Saturday, June 21, 2008

Plethora

Historiated and illuminated initial 'E' (c. 1500)


This individual illuminated manuscript initial (spliced together from screencaps) exists as a fragment and was probably produced in Italy in about 1500. It is one of three vellum cuttings taken from choirbooks on sale as a set next month.

Quoting from the Sothebys* catalogue :

"very large historiated initial 'E', 200mm. by 178mm., in burnished gold and coloured acanthus-leaf sprays and an ornamental face, enclosing eight popes and bishops, all on black grounds heightened with liquid gold scrolls and surrounded by naturalistic flower-cuttings, a butterfly and a peacock, all within a rectangular burnished gold frame"
*requires registration to view their sales brochures


Hanukkah Illuminated -- 22-karat gold leaf and egg tempera on hand made paper

This 22-karat gold leaf and egg tempera illumination on hand made paper comes from the 'Hanukkah Illuminated: A Book of Days' project, © Ellen Frank Illumination Arts Foundation, where there are a number of very interesting modern works featuring manuscript techniques of old on display.


Mahzor Worms page 2 (JNUL) 1270-1280

The Jewish National and University Library in Jerusalem have a site devoted to the Mahzor Worms, a two-volume parchment festival prayerbook from the 13th century, featuring Ashkenazi calligraphy, with illumination and decoration in ink and color. [Also see this Metafilter post with links to a variety of Judaica manuscripts]

"The Mahzor was in use in the community of Worms until the synagogue’s destruction on Kristallnacht, November 1938. It was rescued by the city’s archivist, who hid it in the cathedral. In 1957, following legal proceedings in Germany, the manuscript was transferred to the Jewish National and University Library in Jerusalem."



Tetragrammaton 1516 (MDZ)

The tetragrammaton - יהוה (Yod, He, Waw and He) - is the Hellenised Hebrew spelling of the name of God - without vowels - in the Old Testament, rendered as Yahweh or Jehovah or Adonai or Lord.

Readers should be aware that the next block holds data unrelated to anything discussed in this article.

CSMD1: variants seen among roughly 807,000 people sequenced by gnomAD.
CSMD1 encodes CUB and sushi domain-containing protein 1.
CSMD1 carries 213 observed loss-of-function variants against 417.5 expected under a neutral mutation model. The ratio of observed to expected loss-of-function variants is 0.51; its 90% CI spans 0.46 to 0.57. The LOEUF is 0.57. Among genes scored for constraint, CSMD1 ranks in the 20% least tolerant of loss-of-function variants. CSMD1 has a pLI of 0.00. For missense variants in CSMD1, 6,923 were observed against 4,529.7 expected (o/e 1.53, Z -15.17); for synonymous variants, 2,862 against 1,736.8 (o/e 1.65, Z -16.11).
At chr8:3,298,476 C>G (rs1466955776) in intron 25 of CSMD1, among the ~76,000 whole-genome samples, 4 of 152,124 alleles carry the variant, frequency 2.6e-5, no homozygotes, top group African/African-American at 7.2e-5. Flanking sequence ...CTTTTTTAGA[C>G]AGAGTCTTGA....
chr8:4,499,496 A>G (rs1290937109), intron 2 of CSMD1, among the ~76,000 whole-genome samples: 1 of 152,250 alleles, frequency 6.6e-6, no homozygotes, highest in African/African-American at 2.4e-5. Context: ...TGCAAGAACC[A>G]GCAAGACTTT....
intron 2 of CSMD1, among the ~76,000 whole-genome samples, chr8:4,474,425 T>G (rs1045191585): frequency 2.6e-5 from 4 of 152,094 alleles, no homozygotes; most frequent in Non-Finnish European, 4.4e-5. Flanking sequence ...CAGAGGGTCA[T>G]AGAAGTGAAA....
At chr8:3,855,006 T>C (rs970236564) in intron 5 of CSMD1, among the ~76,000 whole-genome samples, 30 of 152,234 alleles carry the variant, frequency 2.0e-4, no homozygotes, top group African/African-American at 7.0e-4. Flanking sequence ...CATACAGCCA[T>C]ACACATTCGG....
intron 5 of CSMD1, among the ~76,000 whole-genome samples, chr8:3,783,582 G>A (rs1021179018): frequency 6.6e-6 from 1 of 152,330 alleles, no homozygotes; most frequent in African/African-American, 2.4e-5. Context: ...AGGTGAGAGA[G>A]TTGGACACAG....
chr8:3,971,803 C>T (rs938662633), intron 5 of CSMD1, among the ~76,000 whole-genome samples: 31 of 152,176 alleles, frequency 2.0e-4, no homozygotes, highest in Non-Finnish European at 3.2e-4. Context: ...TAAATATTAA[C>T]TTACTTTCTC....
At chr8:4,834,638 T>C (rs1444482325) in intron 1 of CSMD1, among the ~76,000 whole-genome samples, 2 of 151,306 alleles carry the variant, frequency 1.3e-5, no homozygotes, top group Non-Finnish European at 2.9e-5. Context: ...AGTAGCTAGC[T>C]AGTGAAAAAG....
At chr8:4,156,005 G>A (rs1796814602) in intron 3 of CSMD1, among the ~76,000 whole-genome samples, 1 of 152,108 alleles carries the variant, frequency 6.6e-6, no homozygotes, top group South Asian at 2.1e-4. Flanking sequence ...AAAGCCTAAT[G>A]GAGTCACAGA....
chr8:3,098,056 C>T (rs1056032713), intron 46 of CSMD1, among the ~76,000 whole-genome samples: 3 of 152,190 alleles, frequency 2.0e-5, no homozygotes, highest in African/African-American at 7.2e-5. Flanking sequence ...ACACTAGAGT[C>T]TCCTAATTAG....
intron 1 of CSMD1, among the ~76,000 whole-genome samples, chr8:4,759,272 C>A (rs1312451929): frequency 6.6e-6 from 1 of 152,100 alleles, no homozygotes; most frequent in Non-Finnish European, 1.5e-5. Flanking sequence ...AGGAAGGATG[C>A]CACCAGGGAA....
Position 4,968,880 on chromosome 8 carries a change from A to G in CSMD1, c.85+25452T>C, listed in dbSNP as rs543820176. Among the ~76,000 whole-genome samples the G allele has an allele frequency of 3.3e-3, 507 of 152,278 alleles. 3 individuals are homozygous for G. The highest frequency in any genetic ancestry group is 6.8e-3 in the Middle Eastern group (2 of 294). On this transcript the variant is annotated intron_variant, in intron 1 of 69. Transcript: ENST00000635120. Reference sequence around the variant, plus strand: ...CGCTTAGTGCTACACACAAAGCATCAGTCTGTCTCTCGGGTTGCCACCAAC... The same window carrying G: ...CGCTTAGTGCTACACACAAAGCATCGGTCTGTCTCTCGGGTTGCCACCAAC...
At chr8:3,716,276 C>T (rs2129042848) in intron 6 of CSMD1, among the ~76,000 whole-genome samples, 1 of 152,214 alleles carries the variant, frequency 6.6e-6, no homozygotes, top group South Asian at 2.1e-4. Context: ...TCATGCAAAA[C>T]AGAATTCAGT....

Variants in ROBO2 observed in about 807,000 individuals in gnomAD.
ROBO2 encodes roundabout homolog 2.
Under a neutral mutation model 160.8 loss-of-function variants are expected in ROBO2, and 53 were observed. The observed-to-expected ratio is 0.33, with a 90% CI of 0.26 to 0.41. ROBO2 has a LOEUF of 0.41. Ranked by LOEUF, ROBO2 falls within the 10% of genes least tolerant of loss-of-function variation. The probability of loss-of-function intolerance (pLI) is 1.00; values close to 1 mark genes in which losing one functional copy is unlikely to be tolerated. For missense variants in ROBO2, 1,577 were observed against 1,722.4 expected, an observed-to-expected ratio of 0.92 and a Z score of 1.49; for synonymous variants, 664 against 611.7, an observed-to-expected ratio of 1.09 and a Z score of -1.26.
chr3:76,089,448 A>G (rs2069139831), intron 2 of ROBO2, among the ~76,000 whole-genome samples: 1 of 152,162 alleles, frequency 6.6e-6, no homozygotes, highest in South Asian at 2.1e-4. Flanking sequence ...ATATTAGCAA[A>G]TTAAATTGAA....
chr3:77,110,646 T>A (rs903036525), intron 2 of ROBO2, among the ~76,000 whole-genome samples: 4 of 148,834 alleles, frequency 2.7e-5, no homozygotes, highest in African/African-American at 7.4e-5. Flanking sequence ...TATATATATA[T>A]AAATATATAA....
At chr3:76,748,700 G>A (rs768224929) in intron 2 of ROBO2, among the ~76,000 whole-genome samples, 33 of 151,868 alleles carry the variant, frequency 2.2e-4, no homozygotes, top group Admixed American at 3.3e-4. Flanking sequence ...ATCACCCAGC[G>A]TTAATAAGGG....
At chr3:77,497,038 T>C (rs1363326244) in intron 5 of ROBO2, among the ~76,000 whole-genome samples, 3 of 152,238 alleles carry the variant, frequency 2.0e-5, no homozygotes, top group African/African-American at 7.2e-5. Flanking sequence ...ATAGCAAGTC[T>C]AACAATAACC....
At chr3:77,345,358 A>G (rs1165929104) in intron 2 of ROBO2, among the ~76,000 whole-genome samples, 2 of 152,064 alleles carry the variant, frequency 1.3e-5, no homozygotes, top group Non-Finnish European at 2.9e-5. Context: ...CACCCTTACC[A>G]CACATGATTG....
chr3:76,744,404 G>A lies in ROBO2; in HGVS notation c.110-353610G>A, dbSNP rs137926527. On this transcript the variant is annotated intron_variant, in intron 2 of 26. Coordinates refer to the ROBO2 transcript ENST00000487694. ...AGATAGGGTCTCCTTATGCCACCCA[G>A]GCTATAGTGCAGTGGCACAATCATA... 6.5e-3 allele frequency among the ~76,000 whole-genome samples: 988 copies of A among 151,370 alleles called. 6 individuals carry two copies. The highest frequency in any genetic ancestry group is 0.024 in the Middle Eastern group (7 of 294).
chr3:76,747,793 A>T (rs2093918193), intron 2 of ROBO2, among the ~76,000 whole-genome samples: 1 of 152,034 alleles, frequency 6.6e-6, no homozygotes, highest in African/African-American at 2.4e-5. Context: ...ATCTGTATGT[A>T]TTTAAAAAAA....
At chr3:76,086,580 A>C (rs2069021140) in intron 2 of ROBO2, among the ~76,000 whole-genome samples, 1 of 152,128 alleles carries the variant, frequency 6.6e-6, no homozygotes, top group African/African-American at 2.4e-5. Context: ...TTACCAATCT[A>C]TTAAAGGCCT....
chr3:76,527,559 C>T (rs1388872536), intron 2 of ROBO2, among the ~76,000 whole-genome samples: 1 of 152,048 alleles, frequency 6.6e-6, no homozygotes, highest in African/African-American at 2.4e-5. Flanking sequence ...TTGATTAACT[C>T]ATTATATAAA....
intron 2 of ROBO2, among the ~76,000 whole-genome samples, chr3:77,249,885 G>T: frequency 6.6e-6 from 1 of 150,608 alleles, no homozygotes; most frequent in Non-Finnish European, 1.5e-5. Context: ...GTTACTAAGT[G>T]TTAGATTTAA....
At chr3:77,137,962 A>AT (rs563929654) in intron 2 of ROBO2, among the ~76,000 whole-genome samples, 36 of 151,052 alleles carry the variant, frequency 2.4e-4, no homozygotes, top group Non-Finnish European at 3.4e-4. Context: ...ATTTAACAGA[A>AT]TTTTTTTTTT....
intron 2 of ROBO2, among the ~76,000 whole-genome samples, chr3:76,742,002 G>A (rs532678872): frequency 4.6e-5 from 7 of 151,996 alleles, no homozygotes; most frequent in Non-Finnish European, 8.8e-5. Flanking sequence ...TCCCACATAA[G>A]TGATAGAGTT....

The old fellow in the image is 'holding' the Tree of Life or Kabbalah of Judaism, the ten-stage (sephiroth) path in the physical and metaphysical planes to God. The symbology has been co-opted, with mystical permutations, in various branches of the esoteric systems such as Hermeticism, Gnosis and the like. ['Portae Lucis' means the doors of light]

The book is recorded at the Bavarian State Library as: 'Giqatila, Yôsef Ben-Avraham / Ricius, Paulus: Portae Lvcis H[a]ec est porta Tetragra[m]maton iusti intrabu[n]t p[er] eam, Augustae Vindelicoru[m] 1516 [VD16 J 954]'. Joseph Giqatila was a 13th century Spanish Kabbalistic philosopher.


Granadillae Ramus - Nieremberg (SICD) 1635


Manucodiata - Nieremberg (SICD) 1635


Psittacus Elegans - Nieremberg (SICD) 1635


Cete Admirabilis Formae - Nieremberg (SICD) 1635


Manticatis Tlaquatzinis - Nieremberg (SICD)

These rather eccentric illustrations come from 'Historia Naturae, Maxime Peregrinae, Libris XVI.', 1635 by Spanish philosopher and scholar, Juan Eusebio Nieremberg. The work, which features more than one hundred and fifty illustrations (they are not all as unusual as these examples), was said to be based largely on an earlier book by Francisco Hernandez, who had been sent to study the fauna and flora of New Spain. Hence, some of the Aztec names for species persist in Nieremberg's book. It is regarded as an important early source work for the Americas, and particularly Mexico. {Some few of the illustrations I have seen before from other sources - eg. Gesner mid-1550s}
The detail images above were sourced from Strasbourg Universities Library (click folder icon top left once inside to load thumbnails).